Combinatorial Optimization with Graph Convolutional Networks and Guided Tree Search
We present a learningbased approach to computing solutions for certain ...
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QDGCN: QueryDriven Graph Convolutional Networks for Attributed Community Search
Recently, attributed community search, a related but different problem t...
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Geometric graphs from data to aid classification tasks with graph convolutional networks
Classification is a classic problem in data analytics and has been appro...
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Explainable, Stable, and Scalable Graph Convolutional Networks for Learning Graph Representation
The network embedding problem that maps nodes in a graph to vectors in E...
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An Efficient Graph Convolutional Network Technique for the Travelling Salesman Problem
This paper introduces a new learningbased approach for approximately so...
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Distributed Training of Graph Convolutional Networks using Subgraph Approximation
Modern machine learning techniques are successfully being adapted to dat...
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All Graphs Lead to Rome: Learning Geometric and CycleConsistent Representations with Graph Convolutional Networks
Image feature matching is a fundamental part of many geometric computer ...
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Experiments with graph convolutional networks for solving the vertex pcenter problem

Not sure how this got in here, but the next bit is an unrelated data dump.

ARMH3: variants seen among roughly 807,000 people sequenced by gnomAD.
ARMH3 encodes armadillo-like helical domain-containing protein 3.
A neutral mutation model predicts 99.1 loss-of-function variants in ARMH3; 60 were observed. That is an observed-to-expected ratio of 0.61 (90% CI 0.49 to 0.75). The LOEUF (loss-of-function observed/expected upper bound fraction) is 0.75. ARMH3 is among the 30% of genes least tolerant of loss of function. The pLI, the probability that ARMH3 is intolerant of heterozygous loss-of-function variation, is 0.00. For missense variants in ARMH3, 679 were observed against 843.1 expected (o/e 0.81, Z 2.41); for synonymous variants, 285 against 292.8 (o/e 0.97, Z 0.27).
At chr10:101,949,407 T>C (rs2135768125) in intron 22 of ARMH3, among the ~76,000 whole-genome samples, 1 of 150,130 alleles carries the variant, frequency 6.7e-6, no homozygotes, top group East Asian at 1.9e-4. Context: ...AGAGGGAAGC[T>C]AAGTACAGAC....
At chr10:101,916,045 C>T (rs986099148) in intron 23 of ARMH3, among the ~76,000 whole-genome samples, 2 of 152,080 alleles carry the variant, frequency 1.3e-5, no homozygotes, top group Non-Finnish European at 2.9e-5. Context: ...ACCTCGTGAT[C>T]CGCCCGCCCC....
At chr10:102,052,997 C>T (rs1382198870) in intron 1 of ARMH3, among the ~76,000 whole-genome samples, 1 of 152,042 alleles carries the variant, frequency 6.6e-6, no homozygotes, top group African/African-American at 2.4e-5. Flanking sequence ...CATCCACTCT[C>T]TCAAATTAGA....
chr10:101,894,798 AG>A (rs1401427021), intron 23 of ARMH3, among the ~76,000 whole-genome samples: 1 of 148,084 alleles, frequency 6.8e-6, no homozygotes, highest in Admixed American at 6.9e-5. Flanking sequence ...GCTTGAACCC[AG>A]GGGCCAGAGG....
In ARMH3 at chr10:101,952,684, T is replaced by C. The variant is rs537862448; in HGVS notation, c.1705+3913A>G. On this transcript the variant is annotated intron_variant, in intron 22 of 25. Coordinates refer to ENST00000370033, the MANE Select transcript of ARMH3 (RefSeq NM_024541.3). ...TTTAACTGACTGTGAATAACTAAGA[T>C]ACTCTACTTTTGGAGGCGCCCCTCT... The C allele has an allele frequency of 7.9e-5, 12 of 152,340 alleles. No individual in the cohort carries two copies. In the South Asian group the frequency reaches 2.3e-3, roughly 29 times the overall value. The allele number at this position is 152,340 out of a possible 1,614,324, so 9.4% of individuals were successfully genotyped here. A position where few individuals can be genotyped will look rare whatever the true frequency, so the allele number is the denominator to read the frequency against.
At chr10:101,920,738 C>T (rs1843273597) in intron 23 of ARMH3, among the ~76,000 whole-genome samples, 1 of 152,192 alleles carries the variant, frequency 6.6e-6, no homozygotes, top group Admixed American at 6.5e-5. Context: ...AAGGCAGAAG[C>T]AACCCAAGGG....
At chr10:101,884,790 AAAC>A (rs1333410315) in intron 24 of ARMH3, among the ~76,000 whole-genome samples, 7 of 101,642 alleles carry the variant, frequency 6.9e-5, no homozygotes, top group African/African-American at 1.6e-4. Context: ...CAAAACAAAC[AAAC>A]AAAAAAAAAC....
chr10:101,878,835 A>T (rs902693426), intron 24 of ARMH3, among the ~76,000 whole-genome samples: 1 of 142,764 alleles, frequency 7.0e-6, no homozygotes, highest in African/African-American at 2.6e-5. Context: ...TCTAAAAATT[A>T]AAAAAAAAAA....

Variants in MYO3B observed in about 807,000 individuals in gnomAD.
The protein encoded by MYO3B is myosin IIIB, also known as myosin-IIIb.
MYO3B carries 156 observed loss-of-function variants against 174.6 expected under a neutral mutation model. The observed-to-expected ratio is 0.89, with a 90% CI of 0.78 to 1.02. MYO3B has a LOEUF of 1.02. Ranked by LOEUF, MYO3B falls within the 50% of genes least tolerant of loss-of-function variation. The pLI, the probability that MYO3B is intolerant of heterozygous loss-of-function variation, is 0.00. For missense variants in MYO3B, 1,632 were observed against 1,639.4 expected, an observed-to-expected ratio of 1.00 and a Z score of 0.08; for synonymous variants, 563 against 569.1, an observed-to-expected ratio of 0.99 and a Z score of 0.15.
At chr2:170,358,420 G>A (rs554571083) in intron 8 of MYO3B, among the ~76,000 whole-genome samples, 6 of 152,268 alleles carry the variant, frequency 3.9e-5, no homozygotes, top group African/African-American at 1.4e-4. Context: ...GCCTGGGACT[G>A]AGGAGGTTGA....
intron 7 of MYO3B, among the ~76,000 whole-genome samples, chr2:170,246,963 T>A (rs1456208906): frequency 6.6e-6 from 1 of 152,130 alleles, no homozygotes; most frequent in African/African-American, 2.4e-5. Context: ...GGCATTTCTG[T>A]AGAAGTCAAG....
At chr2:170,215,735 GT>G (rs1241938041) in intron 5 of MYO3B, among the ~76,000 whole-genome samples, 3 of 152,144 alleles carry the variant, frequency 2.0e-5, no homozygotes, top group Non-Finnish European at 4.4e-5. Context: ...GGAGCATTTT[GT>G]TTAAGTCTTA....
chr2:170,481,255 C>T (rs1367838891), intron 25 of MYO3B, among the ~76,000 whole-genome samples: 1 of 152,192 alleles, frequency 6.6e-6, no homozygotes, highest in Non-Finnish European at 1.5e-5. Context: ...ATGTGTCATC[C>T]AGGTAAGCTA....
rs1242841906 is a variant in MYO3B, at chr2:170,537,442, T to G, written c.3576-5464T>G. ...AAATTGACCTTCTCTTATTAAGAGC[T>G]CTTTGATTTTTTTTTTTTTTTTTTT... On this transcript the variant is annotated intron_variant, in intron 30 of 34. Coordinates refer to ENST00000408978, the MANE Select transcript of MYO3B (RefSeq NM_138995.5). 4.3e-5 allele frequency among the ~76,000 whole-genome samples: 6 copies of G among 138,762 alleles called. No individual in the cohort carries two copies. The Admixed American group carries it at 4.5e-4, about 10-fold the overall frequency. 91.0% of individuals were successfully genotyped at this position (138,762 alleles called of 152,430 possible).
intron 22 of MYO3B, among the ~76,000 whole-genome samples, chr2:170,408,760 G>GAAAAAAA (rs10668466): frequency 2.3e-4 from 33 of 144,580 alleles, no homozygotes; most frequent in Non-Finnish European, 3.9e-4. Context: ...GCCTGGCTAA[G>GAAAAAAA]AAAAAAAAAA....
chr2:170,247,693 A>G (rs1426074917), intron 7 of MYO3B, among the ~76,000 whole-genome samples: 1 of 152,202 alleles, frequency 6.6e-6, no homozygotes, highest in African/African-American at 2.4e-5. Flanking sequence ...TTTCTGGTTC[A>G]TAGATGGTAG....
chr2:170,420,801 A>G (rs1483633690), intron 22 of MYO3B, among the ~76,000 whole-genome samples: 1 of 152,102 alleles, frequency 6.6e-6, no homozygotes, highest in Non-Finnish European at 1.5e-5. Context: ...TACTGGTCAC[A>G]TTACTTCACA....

In the last few years, graph convolutional networks (GCN) have become a popular research direction in the machine learning community to tackle NPhard combinatorial optimization problems (COPs) defined on graphs. While the obtained results are usually still not competitive with problemspecific solution approaches from the operations research community, GCNs often lead to improvements compared to previous machine learning approaches for classical COPs such as the traveling salesperson problem (TSP). In this work we present a preliminary study on using GCNs for solving the vertex pcenter problem (PCP), which is another classic COP on graphs. In particular, we investigate whether a successful model based on endtoend training for the TSP can be adapted to a PCP, which is defined on a similar 2D Euclidean graph input as the usually used version of the TSP. However, the objective of the PCP has a minmax structure which could lead to many symmetric optimal, i.e., groundtruth solutions and other potential difficulties for learning. Our obtained preliminary results show that indeed a direct transfer of network architecture ideas does not seem to work too well. Thus we think that the PCP could be an interesting benchmark problem for new ideas and developments in the area of GCNs.
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